Enterprise Java Beans (EJBs) are server-side managed classes intended to provide business functionality to applications. Since Java EE 5, EJBs have been made much simpler and more lightweight.
EJBs no longer have to be defined by XML descriptors, but are defined using Java annotations instead. This allows EJBs to be developed more quickly and probably more importantly, to be fully testable outside of the application server.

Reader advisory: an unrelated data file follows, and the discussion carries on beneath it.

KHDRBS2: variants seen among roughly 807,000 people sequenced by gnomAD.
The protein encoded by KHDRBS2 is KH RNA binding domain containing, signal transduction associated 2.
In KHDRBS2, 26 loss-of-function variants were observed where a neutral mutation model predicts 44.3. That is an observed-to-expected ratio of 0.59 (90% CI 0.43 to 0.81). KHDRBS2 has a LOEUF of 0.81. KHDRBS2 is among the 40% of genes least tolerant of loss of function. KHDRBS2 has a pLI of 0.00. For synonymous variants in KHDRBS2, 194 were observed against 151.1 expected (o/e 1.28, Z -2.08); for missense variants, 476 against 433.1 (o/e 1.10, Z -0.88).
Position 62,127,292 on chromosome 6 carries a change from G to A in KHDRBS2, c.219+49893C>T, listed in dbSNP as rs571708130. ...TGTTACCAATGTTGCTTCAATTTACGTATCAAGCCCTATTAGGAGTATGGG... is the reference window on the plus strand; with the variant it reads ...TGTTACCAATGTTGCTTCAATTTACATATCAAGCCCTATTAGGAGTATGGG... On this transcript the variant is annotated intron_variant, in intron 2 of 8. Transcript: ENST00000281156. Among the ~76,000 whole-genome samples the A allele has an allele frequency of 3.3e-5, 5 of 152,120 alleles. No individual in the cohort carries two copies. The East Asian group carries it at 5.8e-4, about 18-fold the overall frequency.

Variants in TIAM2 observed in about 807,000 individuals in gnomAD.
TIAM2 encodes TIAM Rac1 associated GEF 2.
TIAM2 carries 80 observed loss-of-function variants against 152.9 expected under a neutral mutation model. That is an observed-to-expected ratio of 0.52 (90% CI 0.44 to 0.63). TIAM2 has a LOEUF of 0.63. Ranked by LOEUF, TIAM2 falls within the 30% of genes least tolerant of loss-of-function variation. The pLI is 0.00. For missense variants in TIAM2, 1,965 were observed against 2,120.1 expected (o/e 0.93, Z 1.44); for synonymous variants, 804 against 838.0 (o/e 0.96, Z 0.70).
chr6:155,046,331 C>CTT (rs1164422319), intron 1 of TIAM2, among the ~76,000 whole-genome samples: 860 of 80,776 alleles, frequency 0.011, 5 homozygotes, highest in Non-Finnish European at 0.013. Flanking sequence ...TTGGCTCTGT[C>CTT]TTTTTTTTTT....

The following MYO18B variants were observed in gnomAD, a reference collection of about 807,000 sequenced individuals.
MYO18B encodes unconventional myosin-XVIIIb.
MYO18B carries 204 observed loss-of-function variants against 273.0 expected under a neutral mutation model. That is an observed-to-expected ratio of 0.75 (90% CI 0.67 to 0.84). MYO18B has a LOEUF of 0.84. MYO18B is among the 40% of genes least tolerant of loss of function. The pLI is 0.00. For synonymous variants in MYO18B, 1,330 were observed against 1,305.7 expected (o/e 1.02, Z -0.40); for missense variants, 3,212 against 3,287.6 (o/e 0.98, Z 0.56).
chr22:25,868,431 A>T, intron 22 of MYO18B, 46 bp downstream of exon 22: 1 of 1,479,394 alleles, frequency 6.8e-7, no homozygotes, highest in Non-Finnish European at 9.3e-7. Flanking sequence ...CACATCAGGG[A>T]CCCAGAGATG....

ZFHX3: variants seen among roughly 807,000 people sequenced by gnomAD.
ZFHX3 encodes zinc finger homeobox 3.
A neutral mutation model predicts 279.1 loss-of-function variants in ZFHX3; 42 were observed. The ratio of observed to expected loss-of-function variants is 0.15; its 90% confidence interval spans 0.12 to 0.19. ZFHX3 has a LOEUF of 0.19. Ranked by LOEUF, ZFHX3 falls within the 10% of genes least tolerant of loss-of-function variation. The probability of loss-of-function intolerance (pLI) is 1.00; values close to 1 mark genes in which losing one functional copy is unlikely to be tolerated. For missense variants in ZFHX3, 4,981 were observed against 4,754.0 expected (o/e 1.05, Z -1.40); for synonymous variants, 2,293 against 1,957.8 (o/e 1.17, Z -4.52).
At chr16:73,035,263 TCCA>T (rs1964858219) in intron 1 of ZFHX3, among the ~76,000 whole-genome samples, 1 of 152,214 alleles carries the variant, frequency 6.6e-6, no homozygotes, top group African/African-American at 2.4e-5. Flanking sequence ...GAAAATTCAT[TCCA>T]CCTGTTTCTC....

In Java EE 7, there are four types of EJB. They are Stateless, Stateful, Singleton, and Message Driven EJBs. J2EE also had Entity beans used for modeling data, but these have been deprecated since Java EE 5 to be replaced with POJOs and JPA.
Stateless EJBs, as their name suggest, maintain no state. When a request ...